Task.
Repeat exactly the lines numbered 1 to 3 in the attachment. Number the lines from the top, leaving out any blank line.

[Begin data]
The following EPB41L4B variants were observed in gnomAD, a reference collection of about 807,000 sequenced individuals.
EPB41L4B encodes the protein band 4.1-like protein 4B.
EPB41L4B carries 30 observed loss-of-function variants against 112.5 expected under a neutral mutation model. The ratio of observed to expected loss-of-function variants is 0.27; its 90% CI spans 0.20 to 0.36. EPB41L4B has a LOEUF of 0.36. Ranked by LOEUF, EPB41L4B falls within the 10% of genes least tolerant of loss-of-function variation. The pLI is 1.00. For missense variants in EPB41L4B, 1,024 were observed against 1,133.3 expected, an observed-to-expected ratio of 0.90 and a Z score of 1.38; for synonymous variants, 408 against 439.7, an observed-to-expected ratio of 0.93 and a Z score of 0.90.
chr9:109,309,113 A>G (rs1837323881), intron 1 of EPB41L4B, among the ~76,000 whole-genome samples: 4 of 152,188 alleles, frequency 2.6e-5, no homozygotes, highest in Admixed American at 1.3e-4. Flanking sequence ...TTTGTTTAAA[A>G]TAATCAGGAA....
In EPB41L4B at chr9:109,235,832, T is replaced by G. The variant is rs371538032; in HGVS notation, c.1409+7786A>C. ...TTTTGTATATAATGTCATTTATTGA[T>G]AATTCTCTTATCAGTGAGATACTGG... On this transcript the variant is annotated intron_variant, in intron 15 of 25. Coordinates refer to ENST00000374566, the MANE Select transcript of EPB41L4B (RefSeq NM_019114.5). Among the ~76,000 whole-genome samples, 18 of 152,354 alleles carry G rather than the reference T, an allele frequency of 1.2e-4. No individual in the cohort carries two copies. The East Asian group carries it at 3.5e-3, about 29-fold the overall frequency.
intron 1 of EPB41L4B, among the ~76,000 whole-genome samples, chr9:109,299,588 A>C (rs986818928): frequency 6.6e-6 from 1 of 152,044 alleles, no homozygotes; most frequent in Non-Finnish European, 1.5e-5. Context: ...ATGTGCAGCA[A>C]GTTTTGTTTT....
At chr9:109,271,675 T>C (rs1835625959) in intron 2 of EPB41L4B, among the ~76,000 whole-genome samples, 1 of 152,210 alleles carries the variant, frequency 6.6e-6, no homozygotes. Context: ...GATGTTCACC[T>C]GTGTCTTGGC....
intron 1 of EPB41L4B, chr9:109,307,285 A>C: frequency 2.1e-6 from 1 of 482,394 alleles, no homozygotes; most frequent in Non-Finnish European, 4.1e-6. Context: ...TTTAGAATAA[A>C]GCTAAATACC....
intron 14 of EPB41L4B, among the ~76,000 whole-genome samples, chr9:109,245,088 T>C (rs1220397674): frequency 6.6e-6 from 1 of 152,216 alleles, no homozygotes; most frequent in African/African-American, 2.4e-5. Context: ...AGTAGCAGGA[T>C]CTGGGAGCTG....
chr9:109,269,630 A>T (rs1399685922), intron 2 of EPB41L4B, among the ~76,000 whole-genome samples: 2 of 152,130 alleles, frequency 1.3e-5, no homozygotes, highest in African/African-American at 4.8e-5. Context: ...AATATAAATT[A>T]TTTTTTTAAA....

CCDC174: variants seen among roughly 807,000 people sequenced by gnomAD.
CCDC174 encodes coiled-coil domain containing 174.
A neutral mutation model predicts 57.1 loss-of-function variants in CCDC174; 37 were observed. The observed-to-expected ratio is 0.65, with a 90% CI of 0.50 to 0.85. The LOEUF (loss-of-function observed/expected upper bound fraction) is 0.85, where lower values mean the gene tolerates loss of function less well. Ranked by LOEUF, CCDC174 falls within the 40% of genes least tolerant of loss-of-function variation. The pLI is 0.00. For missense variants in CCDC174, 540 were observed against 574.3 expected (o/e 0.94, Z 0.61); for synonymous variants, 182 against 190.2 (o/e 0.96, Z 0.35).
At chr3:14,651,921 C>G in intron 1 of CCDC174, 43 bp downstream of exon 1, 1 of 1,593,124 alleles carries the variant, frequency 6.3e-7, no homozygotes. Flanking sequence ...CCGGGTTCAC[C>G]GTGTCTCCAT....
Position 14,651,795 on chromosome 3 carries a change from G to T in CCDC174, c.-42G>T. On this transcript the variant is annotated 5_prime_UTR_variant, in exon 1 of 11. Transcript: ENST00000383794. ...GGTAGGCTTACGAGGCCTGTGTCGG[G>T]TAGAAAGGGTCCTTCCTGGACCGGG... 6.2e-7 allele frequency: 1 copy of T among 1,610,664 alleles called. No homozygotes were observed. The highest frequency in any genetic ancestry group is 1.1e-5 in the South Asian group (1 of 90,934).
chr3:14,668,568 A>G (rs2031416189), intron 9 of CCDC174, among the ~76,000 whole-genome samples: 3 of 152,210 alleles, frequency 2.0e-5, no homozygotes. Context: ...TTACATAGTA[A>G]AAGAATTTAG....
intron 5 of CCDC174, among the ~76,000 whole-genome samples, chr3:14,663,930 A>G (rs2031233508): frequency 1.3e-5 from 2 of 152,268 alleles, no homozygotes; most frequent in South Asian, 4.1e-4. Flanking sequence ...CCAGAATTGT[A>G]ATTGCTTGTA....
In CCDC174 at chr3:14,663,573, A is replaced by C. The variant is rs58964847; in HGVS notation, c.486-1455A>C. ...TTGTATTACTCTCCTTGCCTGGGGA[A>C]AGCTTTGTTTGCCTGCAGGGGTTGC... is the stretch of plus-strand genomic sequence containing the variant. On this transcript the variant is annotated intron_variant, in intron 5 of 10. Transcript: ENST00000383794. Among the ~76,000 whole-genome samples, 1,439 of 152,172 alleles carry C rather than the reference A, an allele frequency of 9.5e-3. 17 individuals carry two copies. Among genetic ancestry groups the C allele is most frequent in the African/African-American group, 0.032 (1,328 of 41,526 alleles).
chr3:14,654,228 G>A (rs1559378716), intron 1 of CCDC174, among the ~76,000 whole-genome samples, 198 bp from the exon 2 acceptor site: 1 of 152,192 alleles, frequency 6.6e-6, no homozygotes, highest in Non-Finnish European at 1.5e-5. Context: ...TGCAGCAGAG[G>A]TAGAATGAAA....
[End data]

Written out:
The following EPB41L4B variants were observed in gnomAD, a reference collection of about 807,000 sequenced individuals.
EPB41L4B encodes the protein band 4.1-like protein 4B.
EPB41L4B carries 30 observed loss-of-function variants against 112.5 expected under a neutral mutation model. The ratio of observed to expected loss-of-function variants is 0.27; its 90% CI spans 0.20 to 0.36. EPB41L4B has a LOEUF of 0.36. Ranked by LOEUF, EPB41L4B falls within the 10% of genes least tolerant of loss-of-function variation. The pLI is 1.00. For missense variants in EPB41L4B, 1,024 were observed against 1,133.3 expected, an observed-to-expected ratio of 0.90 and a Z score of 1.38; for synonymous variants, 408 against 439.7, an observed-to-expected ratio of 0.93 and a Z score of 0.90.